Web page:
They all summered on Shelter Island, in a big family house they had eventually sold, when the children stopped spending summers with them and the house had become more of a burden than a joy. Connie and Preston had begun to streamline their life in recent years, cutting down on unnecessary expenses, and avoiding projects that were too much work for them. In the summers, they rented a house in Maine now, or in the Hamptons, or on Cape Cod, large enough so that the children who wanted to could come and go for a few days or a weekend visit. Renting was easier than owning, and the headache of maintaining a summer home was someone else’s problem, not theirs. The children never came at the same time, so they didn’t need an enormous house. Preston and Connie still clung to the tradition of their Wintermoon, which they called it now, too. It was important to them, and they looked forward to it all year. After forty-three years of marriage, it still felt like a honeymoon to them. Constance was sixty-five years old and the time had flown. She couldn’t believe how old her children were, all adults now. Even their “baby” Annabelle, a late surprise, had just turned twenty-one.
Their oldest, Lyle, was forty-two, married, with two children of his own, a son and daughter, Tommy, ten, and Devon, seven. His wife, Amanda, had been a disappointment to them all. Lyle had been enjoying his bachelorhood and burgeoning career in land development and commercial real estate ten years ago when the girl he was dating none too seriously had gotten pregnant and he had married her. She had never warmed to his family, nor they to her. She was socially ambitious. Constance thought her greedy, although Preston’s attitude was more charitable. She was bright and lively and fun and sexy, and knew how to turn the charm on for Lyle, but within a short time after they married, Connie didn’t think Lyle looked happy. But Lyle never complained. He was loyal to a fault and wanted to make the marriage work once he’d agreed to marry Amanda.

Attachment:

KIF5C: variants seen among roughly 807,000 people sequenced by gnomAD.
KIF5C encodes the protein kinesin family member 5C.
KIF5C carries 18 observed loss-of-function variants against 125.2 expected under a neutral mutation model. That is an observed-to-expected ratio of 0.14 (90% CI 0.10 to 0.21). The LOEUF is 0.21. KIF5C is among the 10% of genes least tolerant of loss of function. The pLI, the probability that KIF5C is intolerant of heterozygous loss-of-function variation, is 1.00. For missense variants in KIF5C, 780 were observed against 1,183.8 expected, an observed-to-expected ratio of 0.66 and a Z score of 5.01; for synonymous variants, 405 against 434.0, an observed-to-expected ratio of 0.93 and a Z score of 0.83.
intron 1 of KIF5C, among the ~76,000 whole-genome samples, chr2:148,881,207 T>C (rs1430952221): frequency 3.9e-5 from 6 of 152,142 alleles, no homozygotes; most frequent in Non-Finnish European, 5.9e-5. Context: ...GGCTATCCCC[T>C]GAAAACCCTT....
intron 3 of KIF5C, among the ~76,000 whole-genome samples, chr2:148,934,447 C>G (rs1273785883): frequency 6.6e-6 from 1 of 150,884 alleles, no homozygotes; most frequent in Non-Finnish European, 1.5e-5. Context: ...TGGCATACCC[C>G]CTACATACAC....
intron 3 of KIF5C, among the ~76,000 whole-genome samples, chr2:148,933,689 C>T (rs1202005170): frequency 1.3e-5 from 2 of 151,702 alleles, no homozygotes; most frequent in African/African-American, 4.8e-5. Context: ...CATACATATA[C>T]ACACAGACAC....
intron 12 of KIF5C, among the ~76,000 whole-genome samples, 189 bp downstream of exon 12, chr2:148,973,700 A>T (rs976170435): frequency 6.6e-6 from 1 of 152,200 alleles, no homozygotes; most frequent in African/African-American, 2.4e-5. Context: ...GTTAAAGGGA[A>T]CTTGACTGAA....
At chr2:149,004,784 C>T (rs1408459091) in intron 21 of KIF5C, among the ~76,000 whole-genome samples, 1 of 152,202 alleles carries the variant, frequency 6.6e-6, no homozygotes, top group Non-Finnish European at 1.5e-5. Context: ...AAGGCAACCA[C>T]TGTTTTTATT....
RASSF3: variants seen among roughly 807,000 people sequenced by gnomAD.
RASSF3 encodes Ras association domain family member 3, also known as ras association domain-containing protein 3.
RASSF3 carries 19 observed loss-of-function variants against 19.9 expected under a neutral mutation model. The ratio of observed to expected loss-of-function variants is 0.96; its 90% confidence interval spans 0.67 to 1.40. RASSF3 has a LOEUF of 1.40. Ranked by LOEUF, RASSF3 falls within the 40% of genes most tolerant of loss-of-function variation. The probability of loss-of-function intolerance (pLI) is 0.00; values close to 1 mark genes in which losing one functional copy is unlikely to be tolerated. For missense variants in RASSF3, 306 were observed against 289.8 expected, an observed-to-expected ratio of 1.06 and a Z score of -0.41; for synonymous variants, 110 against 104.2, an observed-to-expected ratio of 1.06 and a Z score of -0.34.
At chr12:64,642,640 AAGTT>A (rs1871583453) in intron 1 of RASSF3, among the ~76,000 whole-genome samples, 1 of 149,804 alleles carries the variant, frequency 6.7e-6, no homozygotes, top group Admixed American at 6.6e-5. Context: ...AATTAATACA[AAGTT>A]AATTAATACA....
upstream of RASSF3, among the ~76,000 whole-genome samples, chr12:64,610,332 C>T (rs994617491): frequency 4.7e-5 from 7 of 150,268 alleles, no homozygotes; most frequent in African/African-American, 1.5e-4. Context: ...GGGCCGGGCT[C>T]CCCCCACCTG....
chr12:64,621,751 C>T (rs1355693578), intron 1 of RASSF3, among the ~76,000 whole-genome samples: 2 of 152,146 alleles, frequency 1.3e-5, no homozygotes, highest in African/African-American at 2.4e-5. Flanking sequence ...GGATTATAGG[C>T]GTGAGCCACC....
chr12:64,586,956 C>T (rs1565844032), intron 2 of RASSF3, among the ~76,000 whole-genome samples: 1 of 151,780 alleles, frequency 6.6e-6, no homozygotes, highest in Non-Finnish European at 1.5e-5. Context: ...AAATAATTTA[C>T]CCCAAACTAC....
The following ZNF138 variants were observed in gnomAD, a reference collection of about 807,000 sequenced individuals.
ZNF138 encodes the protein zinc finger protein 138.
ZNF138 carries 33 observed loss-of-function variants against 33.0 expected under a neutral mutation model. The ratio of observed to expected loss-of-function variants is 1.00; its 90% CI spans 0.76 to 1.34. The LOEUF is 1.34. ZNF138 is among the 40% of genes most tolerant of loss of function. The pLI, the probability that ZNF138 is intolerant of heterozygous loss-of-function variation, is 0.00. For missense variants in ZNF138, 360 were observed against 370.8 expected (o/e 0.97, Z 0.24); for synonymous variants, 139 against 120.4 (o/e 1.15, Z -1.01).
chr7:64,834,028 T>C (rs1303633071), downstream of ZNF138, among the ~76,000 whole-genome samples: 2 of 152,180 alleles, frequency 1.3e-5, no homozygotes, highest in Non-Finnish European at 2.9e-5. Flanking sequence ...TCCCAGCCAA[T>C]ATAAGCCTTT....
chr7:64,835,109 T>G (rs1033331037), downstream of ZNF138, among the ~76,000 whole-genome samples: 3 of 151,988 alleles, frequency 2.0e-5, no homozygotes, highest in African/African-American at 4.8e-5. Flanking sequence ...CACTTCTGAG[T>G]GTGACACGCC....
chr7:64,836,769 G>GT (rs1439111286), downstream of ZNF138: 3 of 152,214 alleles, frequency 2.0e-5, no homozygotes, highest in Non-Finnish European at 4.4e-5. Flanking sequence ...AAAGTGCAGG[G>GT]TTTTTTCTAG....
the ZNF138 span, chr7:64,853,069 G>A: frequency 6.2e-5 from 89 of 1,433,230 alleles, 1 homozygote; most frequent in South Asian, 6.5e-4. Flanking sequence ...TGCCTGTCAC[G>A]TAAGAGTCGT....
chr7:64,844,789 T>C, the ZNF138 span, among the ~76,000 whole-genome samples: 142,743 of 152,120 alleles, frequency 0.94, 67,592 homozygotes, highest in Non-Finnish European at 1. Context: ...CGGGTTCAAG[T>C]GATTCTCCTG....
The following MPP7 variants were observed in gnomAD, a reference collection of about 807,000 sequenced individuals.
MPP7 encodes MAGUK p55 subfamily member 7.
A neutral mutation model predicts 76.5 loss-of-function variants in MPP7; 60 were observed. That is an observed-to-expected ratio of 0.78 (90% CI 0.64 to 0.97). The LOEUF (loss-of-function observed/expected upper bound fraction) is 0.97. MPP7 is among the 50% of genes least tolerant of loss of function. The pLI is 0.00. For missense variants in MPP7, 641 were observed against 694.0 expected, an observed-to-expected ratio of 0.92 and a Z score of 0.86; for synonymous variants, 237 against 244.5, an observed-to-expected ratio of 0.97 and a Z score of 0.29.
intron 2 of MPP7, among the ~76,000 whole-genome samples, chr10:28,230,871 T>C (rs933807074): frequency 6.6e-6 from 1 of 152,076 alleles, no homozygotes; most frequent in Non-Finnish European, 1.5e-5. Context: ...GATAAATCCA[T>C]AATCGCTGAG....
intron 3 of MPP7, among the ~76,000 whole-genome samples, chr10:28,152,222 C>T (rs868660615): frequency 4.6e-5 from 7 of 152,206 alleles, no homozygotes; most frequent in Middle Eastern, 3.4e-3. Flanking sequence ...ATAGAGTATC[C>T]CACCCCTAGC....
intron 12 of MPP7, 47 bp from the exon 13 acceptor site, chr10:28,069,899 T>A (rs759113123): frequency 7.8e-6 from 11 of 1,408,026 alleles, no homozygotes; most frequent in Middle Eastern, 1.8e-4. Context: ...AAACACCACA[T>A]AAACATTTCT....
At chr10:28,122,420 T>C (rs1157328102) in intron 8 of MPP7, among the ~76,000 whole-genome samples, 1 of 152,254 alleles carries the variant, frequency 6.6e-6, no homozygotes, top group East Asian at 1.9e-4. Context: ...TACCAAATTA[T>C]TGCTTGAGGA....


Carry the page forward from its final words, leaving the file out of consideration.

Amanda never worked after they were married. She had strong desires for expensive things, made heavy demands of him, and gave little in exchange, in Connie’s opinion, but Connie loved her grandchildren, and enjoyed spending time with them. Both Annabelle, now twenty-one, and Benjie, twenty-eight, Preston and Connie’s two youngest children, still lived at home with them. Connie loved having the last of her children still near at hand. Their other children, all on determined career paths, had moved out years before. Gloria, next after Lyle, had a big job on Wall Street in finance, and was generous with business advice to her brothers and sisters, whether they asked for it or not. She had bought an apartment on the Upper West Side, which she loved. She visited her parents’ home often, but was happiest living alone, even now at thirty-nine.